Bill Cornelius  3:17  

I think it depends on preference. I’m, I’m one of the few I feel like that does my own storyboards. There’s storyboard artists out there, or that’s their full time gig. It’s just preference. It’s whatever you’re looking to do. I’ve seen very simple storyboards that are stick figures like James director James Gunn, very his his Guardians of the Galaxy storyboards were famously minimalist stick figure he sketches that he would post on Instagram and have people guess what scene It was really, because they were so rough.

Yeah, we’re talking napkin type sketches. But then there’s, there’s people that that do these beautiful storyboard sketches that have depth of field can be read in a pencil sketch. And you know, there’s software out there that can allow you to communicate what the lighting and the shadows are going to look like a lot more and fill that in for you digitally. And of course, like there’s room for notes on storyboards.

So you can put things like focal length, and, of course, this scene and shot number, any sort of actions that you’re going to want to capture you put in there like so and so walks from left frame to right frame. You know, of course, the obvious thing like this is a close up. This is a medium, you draw the little arrows in there to show the action. So it does have that comic book vibe to an extent.

Corey Allen  4:43  

Okay, makes sense. You’re clearly a fan.

Bill Cornelius  4:45  

Yes, I am. I am a fan of storyboards. A part of that too is because I like to draw. That was my first love. any opportunity to draw, do a little art. prelim art for a film is great. Yeah.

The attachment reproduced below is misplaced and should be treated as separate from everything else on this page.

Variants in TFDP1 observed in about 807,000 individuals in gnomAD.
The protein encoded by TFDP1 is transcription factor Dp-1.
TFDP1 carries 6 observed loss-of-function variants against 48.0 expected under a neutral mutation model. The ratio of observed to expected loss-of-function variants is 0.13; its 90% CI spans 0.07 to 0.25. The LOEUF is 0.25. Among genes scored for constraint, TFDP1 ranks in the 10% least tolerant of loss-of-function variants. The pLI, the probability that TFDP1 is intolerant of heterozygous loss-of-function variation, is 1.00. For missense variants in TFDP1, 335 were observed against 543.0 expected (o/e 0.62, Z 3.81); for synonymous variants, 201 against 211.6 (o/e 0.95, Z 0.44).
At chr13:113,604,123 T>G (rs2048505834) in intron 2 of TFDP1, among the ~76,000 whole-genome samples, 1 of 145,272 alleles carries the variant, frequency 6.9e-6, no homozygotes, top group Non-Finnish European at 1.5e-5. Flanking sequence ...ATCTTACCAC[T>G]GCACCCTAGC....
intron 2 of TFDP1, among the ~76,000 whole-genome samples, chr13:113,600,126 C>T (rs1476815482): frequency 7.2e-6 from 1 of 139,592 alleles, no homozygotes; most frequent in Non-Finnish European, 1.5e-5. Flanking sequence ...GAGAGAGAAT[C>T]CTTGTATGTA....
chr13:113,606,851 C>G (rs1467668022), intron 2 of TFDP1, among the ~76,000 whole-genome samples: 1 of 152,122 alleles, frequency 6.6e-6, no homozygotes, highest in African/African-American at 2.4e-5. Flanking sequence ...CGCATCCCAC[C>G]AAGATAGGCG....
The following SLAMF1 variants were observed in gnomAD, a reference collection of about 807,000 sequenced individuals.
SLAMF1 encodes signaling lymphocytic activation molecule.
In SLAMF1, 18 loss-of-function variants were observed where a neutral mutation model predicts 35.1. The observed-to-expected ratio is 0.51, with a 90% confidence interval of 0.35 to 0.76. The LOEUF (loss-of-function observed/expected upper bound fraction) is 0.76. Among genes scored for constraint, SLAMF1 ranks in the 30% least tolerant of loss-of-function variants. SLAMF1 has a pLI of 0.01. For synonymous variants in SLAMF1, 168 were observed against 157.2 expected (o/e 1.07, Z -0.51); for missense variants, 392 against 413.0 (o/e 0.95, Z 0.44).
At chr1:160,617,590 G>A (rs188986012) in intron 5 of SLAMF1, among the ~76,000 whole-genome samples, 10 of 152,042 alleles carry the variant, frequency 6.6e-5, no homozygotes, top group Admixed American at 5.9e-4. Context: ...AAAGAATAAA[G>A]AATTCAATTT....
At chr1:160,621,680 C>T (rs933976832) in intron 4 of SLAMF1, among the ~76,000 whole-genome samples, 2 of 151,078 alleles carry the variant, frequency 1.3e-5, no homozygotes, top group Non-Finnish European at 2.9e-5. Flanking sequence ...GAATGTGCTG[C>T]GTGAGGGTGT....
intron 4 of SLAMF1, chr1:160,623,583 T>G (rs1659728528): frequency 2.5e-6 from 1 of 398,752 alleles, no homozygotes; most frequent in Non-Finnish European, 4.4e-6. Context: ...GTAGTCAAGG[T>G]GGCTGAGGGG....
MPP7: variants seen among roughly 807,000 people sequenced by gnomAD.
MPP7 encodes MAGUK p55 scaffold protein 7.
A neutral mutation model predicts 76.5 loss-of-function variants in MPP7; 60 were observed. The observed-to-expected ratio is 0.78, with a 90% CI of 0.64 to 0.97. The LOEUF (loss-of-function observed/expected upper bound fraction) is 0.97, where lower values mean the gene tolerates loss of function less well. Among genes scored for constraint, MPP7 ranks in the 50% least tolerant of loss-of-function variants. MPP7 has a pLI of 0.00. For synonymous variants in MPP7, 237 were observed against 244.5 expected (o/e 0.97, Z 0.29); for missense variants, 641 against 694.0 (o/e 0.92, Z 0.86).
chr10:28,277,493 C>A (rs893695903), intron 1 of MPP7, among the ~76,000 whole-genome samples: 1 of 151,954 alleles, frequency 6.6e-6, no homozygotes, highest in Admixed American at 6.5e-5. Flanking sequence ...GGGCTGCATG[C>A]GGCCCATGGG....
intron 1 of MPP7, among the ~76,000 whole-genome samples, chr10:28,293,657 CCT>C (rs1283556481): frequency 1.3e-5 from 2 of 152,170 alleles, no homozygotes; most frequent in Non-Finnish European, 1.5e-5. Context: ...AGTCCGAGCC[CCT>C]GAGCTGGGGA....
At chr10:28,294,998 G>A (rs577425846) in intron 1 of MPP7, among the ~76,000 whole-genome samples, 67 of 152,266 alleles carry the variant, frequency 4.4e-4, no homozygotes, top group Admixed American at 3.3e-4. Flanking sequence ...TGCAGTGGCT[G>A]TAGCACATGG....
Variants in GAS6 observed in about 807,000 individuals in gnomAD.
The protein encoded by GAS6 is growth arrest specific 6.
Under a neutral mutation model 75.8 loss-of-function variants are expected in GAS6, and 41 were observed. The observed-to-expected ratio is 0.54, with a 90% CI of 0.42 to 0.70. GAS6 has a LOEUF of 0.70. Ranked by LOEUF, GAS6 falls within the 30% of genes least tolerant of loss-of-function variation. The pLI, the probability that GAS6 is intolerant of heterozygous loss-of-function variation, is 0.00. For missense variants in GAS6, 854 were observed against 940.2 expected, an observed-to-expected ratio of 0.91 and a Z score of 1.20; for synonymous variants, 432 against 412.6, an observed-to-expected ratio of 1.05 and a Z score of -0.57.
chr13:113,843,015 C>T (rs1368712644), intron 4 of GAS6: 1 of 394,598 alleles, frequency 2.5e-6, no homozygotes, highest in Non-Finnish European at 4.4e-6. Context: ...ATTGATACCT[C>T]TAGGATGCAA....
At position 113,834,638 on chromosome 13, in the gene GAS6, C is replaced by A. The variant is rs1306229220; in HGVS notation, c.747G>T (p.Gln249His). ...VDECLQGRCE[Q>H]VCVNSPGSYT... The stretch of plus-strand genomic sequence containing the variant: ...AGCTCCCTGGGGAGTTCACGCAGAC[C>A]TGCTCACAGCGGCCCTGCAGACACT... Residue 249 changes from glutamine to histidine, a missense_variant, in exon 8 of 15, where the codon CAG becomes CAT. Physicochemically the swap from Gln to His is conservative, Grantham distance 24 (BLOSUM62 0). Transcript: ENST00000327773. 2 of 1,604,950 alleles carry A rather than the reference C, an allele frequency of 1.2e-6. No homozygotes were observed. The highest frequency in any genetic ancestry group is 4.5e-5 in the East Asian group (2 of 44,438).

Corey Allen  4:58  

All right now are you available to hire For storyboards,

Bill Cornelius  5:01  

I have never made myself available to do storyboards outside of my own stuff. Now’s your chance, but I’m sure I could talk to you about it.

Corey Allen  5:13  

Now’s your chance your shot. Alright, so at bill,

Bill Cornelius  5:16 

if you need to start, you need some storyboard if you need a comic book representation of your film. Yeah,

Corey Allen  5:22  

great. Okay, well, nice job. I feel a little better educated. I’m still not sure I’m sold on it. But I think that most of the work that I do, storyboards probably not necessary definitely in the narrative space makes a lot of sense. Yes, definitely helps a lot from a pre production and probably even a post production standpoint, you start cutting stuff together.

Bill Cornelius  5:41  

And I would add that storyboards are completely unnecessary. If you’re doing like, let’s say, a performance video. You don’t need that. You don’t need to storyboard out the different angles of someone playing a guitar. That’s just write useless. It is more complex stuff like narrative, where there’s a lot of talent, action and camera movement, and even in music videos that have a little more going on, like logistically and maybe from an effect standpoint, storyboards are good.

Corey Allen  6:13  

Okay. Good deal. Good info. Bill, as always, nice job. Thank you so much.

Bill Cornelius  6:18  

Thank you. Thank you.

Corey Allen  6:19  

You did it. You did it. Alright. For our listeners, make sure you check us out on Instagram at infocus pod or online at infocus. podcast calm. And if you liked what you heard today, go ahead and subscribe. And if you’re on Apple podcast, please leave us a rating. It would help us out a ton. And until next time feed your crew